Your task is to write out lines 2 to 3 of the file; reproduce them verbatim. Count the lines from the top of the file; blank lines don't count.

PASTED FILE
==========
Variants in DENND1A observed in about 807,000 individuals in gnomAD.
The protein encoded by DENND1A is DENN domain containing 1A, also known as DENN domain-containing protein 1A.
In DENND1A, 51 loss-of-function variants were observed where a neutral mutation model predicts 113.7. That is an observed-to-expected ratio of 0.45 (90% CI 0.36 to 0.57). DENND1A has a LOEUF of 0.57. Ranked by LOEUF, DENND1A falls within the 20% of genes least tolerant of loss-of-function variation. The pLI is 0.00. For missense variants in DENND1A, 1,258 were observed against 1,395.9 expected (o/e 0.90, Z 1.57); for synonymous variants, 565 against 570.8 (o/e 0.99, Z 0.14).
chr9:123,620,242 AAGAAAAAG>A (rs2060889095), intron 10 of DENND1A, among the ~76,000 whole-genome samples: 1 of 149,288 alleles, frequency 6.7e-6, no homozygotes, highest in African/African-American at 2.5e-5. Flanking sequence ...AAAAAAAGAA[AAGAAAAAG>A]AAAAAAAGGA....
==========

The protein encoded by DENND1A is DENN domain containing 1A, also known as DENN domain-containing protein 1A.
In DENND1A, 51 loss-of-function variants were observed where a neutral mutation model predicts 113.7. That is an observed-to-expected ratio of 0.45 (90% CI 0.36 to 0.57). DENND1A has a LOEUF of 0.57. Ranked by LOEUF, DENND1A falls within the 20% of genes least tolerant of loss-of-function variation. The pLI is 0.00. For missense variants in DENND1A, 1,258 were observed against 1,395.9 expected (o/e 0.90, Z 1.57); for synonymous variants, 565 against 570.8 (o/e 0.99, Z 0.14).